New Zealand Attorney General v. Family Court at Otahuhu, High Court of New Zealand (30 November 1994)
The Attorney General applied on behalf of the Registrar of Marriages to the High Court. Vivienne Ullrich argued as a friend of the court in opposition to the Attorney General. The Attorney General stated that the State’s only interest was to have the matter settled, regardless of outcome.
The Attorney General requested that the Court decide if New Zealand marriage law allowed two people to marry if their birth genders were the same but if one of their genders was subsequently changed through surgery and hormone treatments.
M v. M, Family Court at Otahuhu, New Zealand, 1991 (holding that post-operative transgender individuals are, for the purposes of marriage, recognised as their reassigned gender).
Hyde v. Hyde and Woodmansee, Courts of Probate and Divorce, United Kingdom, 1866 (defining common law marriage as the voluntary union for life of one man and one woman, to the exclusion of all others).
MT v. JT, Superior Court of New Jersey, Appellate Division, United States, 1976 (rejecting Corbett and finding dispositive the sex of an individual on the day of marriage and not at birth).
Reasoning of the Court
The Court held that New Zealand law clearly limited marriage to opposite-sex couples. The main issue, therefore, was the definition of man and woman for the purposes of marriage. The Court recognised that scientific inquiry complicated the issue. Chromosomal patterns and the appearance of genitalia were unreliable indicators of gender. The Court reasoned that while the traditional function of marriage was procreation and sexual intercourse, New Zealand now recognised that the psychological and social aspects of marriage are the most important aspects of the institution. Therefore, the Court concluded that because society allows sex reassignment, society must allow transgender people to function as fully as possible in their reassigned genders. This included allowing transgendered individuals to marry persons of the opposite gender to their reassigned gender. In support of this proposition, the Court cited the New Zealand case M v. M and United States case MT v. JT.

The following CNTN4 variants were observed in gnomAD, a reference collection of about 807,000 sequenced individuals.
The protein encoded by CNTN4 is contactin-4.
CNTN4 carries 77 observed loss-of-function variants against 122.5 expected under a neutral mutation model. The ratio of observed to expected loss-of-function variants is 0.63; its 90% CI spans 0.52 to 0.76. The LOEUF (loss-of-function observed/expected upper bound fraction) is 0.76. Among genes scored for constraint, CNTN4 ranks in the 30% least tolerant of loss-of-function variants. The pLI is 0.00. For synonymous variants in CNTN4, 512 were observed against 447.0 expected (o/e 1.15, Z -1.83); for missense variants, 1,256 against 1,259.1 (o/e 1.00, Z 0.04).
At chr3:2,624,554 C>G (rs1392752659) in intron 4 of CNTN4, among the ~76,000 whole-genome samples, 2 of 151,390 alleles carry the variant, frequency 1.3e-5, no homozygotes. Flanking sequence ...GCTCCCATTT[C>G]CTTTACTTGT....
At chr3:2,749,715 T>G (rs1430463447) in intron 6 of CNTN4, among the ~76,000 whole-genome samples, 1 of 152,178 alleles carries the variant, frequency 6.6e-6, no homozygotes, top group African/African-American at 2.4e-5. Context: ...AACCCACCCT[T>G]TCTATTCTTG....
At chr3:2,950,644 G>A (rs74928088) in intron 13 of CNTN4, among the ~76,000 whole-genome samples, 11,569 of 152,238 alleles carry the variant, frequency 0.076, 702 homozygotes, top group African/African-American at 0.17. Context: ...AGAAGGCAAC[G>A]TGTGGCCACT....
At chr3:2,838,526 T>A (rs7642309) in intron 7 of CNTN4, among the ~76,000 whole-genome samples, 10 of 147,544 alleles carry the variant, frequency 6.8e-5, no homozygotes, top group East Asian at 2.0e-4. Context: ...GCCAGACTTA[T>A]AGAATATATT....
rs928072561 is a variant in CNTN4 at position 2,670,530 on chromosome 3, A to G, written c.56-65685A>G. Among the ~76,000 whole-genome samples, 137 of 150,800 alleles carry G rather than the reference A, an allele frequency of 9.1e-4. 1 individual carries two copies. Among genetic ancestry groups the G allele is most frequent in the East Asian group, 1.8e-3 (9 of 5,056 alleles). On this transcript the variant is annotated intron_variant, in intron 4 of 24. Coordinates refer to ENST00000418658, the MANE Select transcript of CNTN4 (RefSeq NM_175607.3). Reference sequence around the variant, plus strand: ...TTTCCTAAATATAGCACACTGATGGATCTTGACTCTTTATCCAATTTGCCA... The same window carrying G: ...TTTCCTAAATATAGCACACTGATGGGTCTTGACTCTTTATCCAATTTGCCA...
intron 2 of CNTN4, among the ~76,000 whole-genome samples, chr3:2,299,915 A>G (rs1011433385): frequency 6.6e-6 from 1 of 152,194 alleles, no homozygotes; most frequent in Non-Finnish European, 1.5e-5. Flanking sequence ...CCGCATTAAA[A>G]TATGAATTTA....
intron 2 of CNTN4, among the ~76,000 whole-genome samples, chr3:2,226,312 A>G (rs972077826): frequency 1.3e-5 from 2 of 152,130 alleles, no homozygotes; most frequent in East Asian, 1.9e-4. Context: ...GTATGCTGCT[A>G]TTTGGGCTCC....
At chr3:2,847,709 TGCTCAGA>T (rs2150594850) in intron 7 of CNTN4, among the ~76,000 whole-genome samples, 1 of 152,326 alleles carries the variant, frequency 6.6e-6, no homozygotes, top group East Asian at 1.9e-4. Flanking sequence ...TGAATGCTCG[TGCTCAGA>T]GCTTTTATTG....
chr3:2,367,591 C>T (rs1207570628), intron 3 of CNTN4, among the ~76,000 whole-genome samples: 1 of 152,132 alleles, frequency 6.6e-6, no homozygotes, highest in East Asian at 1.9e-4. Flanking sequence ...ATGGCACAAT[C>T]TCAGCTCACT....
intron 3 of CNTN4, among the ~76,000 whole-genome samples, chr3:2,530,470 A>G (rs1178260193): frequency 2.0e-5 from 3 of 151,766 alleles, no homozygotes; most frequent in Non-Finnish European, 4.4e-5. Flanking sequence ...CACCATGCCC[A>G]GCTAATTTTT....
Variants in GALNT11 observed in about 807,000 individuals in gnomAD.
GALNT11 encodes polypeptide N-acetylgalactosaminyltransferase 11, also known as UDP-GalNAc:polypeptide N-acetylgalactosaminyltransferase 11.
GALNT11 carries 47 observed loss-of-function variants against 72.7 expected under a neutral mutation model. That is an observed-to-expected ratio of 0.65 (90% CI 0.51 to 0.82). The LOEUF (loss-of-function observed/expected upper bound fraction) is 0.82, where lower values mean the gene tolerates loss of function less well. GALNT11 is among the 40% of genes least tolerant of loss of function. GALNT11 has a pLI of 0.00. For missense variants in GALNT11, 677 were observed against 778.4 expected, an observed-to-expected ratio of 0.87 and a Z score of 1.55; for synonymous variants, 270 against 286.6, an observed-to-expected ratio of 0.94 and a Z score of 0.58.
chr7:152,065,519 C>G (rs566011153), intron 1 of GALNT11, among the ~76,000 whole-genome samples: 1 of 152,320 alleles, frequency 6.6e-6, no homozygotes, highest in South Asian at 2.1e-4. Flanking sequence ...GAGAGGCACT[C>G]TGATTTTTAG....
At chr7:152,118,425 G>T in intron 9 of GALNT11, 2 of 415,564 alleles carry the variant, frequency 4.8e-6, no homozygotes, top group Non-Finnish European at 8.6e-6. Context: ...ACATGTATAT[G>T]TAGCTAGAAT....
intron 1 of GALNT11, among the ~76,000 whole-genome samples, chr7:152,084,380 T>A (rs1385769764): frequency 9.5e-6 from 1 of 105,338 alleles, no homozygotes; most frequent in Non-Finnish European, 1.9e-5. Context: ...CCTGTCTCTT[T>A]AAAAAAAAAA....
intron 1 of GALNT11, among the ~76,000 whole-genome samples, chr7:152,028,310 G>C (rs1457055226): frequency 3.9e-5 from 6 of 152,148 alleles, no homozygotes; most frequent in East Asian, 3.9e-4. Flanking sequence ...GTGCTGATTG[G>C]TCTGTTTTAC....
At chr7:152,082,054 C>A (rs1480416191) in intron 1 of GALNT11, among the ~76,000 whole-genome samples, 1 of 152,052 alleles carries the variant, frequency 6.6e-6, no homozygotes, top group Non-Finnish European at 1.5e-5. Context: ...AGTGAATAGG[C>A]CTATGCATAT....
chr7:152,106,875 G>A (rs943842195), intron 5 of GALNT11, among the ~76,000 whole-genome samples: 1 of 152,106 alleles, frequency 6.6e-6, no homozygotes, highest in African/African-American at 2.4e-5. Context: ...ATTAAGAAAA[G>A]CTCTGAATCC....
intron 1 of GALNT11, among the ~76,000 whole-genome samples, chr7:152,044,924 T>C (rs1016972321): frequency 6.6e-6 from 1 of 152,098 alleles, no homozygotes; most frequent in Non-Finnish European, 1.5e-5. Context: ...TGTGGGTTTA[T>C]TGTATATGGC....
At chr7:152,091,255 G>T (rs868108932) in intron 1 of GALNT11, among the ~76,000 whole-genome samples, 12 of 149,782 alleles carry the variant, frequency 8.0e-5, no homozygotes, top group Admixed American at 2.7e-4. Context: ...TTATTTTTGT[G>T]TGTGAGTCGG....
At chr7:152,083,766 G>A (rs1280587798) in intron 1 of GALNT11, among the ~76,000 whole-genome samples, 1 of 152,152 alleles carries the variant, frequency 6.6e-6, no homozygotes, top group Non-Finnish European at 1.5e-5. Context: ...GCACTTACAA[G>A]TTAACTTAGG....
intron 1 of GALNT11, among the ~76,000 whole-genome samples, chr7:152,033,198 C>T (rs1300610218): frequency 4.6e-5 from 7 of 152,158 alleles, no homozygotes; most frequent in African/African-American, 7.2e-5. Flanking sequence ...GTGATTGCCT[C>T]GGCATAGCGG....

Furthermore, following surgery, an individual could no longer function as the sex he or she had before the operation. A transgender woman could not have sex as a man or procreate. The Court stated that there was: “no social advantage in the law not recognising the validity of the marriage of a transsexual in the sex of reassignment. It would merely confirm the factual reality.” In fact, limiting transgender persons’ possible marriage partners to people who were the opposite of their birth sex would, in effect, legalise same-sex marriages. The Court rejected the notion that permitting transgender people to marry would harm children.
In holding that a transgender person could marry someone of the opposite sex to their reassigned sex, the Court emphasised: “Where two persons present themselves as having the apparent genitals of a man and a woman, they should not have to establish that each can function sexually”. Some conformity with the physical characteristics of the desired gender was sufficient. “I therefore make a declaration that for the purposes of s23 of the Marriage Act 1955 where a person has undergone surgical and medical procedures that have effectively given that person the physical conformation of a person of a specified sex, there is no lawful impediment to that person marrying as a person of that sex”.
New Zealand Attorney General v. Family Court at Otahuhu, High Court of New Zealand (full text of judgment, PDF)